Our long, national nightmare is finally over.  Or at least the primary chapters have been written and sent to the printer.  I have no doubt we’ll be hearing about George and Shellie Zimmerman for many years to come.  But for now, Shellie’s legal nightmare is nearly at an end and she has the opportunity to reclaim something of a life.  I wrote about the charge against Shellie, a charge virtually devoid of evidence, in Update 37.2.

Shellie Zimmerman Credit: mail.com

Shellie Zimmerman
Credit: mail.com

Last week, Shellie’s trial date of August 21 was postponed in lieu of a status conference.  The most common reason for such postponements this close to trial is an imminent plea agreement.  We now know that was indeed the case. The Orlando Sentinel reports: 

Shellie Zimmerman, the wife of acquitted murder suspect George Zimmerman, admitted Wednesday that she had committed perjury to help her husband get out of jail and agreed to a plea deal that requires her to serve a year of probation.

Shellie Zimmerman had been charged with felony perjury, which carried a possible sentence of five years in prison. Instead, she negotiated a deal to plead guilty to a less serious crime — misdemeanor perjury.

She was composed during her 10-minute hearing, answering questions from Circuit Judge Marlene Alva in a clear, confident voice, saying, ‘Yes, ma’am,’ when asked if she understood what she was doing.

Part of the plea deal required Shellie to write a letter of apology to judge Lester, who was eventually removed from the George Zimmerman case due to his obvious and blatant bias against Zimmerman.  The Sentinel continues:

Shellie Zimmerman had no prior criminal record, and Assistant State Attorney John Guy of Jacksonville agreed to allow her to plead guilty to the lesser charge…

It was a negotiation designed to spare her a felony conviction and allow her to move on with her life.

When she was arrested, she was a nursing student nearly done with her schooling. Had she been found guilty of a felony, she would have been banned from applying to become a state-certified nurse for three years.

Professor Jacobson at Legal Insurrection has the text of the plea agreement at his post on this development.  In addition, the Conservative Treehouse has the text of Shellie’s apology letter as well as its take on the issues at hand.

ANALYSIS AND TRANSLATION:

Why would a prosecutor’s office, a group of prosecutors desperate for George Zimmerman’s blood and damned angry about being denied their pound of flesh, back off in the slightest way in their attempt to get a piece of at least some portion of the Zimmerman family?  Doesn’t the fact that Shellie admitted to perjury and wrote a fawning apology indicate that the prosecution was right?  Hardly.

Consider Shellie Zimmerman.  Despite George’s acquittal, he and Shellie are far from well off.  Unless her attorney, Kelly Simms, is taking her case pro bono–something I very much doubt–she continues to run up a defense bill at the rate of hundreds of dollars an hour.  A trial would add tens of thousands, perhaps hundreds of thousands, of dollars in legal fees.  Their future is, in many ways, out of their hands, and at the moment, neither of them has a chance of the kind of solid employment that would allow them to live a low profile life.  In fact, there are plenty of people who will likely never stop hounding them, such as this facebook site indicates:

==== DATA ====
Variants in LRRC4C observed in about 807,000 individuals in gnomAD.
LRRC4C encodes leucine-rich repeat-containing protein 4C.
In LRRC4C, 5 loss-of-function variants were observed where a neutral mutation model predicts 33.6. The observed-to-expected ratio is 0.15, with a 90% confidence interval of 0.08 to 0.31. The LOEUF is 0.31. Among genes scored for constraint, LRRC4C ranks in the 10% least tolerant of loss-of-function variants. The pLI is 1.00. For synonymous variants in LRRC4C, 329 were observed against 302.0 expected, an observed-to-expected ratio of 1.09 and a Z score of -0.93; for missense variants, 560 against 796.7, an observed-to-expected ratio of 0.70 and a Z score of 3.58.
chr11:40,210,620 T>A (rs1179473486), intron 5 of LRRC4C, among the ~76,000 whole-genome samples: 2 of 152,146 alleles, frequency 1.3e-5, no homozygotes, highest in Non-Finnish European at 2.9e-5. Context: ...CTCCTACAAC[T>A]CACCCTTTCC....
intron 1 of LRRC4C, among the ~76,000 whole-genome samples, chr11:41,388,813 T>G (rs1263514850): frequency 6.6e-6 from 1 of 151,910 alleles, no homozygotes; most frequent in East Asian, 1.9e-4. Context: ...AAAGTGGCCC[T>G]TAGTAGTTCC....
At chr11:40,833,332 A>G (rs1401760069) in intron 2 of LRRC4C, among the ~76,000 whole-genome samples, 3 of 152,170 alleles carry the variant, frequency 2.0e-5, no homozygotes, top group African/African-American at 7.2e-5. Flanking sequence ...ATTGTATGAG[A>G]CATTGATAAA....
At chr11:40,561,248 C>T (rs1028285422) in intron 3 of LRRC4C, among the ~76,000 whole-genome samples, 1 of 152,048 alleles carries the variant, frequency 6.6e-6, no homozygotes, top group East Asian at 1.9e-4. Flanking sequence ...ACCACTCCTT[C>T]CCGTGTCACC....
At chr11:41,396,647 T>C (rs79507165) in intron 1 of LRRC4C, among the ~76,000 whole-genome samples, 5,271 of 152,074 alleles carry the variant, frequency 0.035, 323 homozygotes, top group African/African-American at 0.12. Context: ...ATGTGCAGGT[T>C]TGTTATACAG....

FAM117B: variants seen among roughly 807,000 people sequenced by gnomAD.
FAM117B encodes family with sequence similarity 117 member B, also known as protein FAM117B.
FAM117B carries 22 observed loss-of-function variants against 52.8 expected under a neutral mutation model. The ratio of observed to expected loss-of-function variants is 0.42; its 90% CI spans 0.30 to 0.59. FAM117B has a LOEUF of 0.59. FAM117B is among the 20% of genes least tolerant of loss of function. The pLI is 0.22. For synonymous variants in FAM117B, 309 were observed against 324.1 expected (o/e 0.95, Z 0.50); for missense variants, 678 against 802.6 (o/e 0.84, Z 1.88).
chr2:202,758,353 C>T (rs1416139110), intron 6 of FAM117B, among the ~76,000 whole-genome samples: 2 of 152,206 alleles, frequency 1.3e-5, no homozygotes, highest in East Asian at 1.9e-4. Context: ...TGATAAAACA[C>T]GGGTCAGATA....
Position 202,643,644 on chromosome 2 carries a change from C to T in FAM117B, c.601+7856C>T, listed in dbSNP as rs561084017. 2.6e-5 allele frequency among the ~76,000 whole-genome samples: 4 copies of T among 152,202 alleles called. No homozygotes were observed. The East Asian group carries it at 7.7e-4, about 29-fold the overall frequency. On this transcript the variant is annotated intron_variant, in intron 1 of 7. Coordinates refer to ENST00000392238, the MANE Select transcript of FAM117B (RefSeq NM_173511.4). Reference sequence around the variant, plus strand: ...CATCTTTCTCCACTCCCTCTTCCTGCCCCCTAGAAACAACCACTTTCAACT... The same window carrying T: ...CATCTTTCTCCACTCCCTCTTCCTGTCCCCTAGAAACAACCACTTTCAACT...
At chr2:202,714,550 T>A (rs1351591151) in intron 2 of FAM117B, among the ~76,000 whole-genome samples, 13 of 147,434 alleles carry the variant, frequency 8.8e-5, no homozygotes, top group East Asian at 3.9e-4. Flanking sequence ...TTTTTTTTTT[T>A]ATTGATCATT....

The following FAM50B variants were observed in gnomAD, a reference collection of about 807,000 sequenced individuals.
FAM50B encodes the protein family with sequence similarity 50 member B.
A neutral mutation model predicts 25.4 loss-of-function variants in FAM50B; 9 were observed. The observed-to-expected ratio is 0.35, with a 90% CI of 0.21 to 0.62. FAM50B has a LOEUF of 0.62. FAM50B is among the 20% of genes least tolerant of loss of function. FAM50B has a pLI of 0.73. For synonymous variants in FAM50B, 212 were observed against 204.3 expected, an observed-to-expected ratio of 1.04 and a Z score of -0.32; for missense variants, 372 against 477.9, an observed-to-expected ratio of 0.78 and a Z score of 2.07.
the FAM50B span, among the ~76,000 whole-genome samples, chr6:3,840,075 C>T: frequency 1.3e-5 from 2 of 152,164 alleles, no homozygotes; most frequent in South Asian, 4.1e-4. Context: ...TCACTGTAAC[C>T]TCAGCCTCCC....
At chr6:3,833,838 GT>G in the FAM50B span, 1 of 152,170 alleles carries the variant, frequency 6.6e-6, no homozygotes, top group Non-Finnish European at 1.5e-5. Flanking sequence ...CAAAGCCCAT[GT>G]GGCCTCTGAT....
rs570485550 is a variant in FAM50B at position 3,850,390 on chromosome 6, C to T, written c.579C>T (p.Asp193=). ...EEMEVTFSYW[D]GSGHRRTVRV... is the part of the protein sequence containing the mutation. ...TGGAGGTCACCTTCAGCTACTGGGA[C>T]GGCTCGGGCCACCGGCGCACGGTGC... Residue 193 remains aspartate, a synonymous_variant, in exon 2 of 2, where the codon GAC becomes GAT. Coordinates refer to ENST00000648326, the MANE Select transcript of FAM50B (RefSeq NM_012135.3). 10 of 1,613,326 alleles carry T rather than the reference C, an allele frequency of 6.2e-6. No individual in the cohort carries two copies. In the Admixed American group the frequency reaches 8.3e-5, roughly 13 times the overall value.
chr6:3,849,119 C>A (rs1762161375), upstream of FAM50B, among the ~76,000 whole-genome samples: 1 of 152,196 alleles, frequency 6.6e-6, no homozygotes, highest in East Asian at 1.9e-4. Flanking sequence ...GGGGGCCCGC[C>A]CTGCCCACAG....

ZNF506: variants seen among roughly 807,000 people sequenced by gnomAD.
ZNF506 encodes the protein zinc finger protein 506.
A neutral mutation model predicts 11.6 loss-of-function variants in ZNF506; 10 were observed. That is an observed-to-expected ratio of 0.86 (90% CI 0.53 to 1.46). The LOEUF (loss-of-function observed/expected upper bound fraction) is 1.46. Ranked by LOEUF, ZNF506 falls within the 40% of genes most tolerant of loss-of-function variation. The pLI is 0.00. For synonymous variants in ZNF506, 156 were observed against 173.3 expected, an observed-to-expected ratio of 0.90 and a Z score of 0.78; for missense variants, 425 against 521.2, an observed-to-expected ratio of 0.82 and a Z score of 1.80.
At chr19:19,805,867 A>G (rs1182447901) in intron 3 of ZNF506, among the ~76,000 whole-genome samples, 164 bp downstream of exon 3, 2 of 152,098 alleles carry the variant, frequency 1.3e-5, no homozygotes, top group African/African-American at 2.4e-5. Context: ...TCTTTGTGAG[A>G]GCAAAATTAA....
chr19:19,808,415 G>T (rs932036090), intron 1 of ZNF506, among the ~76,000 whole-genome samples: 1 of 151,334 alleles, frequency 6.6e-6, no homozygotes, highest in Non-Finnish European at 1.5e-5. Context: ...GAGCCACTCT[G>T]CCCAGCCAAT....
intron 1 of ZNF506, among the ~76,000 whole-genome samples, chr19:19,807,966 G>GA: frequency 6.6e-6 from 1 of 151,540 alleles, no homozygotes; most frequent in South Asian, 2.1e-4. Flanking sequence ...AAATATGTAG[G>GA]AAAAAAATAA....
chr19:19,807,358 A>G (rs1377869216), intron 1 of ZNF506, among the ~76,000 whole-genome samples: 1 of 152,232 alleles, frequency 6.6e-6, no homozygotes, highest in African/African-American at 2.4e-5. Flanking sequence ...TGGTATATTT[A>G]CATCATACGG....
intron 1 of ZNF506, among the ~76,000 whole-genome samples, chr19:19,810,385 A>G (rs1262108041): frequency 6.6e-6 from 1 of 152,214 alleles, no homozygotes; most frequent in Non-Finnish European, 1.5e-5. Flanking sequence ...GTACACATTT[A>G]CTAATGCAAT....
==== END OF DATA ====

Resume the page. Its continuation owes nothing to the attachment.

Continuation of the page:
SZ facebook

It’s highly unlikely that Trayvonites will ever allow the Zimmermans any peace.

George and Shellie’s arrests halted their educations, preventing George from pursuing his dream of becoming a police officer and preventing Shellie from finishing her nursing education and seeking certification to practice.  As the Orlando Sentinel article indicates, a felony conviction would not only postpone Shellie’s ability to apply for nursing certification for at least three years, it would, for all intents and purposes, make her virtually unemployable as a nurse anywhere.

This plea bargain solved all of those problems and more.  For a guilty plea to a misdemeanor, Shellie got her life back as well as the potential of a future.  No misdemeanor conviction would prevent Shellie from working as a nurse, and because adjudication is being deferred, after a year of probation Shellie will not have been convicted of even that.  Her record will be as clean as it was before George Zimmerman had the misfortune to save his life, thereby blundering into a racial, political perfect storm.  I have no doubt that Shellie believes she’ll have no trouble with probation, that it will be a mere formality.  I believe it too because there is no evidence at all to indicate that she is anything other than an honest person caught up in a Kafkaesque drama.

But if she is truly innocent, why not go to trial?  Simms said he believes she could win, and if the affidavit is any indication of the utter lack of evidence against her–just as the affidavit against George was–there is every reason to believe Simms is right.  The reasons are simple.

The state, in the form of the prosecutors, have unlimited resources.  They’re getting paid the same amount whether they take a week or a year to further the case against Shellie.  There are no financial pressures on them, and the media, particularly the national media, is mostly ignoring this case.  On the other hand, every hour spent on this case is costing the Zimmermans dearly.  And while Shellie very well might be acquitted, while the evidence against her is incredibly weak, even non-existent, any trial is a gamble and Shellie could be convicted, destroying her future.  Why not go for a sure thing, particularly when that sure thing, after a year of a probation that will surely be little more than a formality, includes no record of conviction for any crime?  The psychological relief of having a pack of rabid prosecutorial dogs off her back cannot be overstated.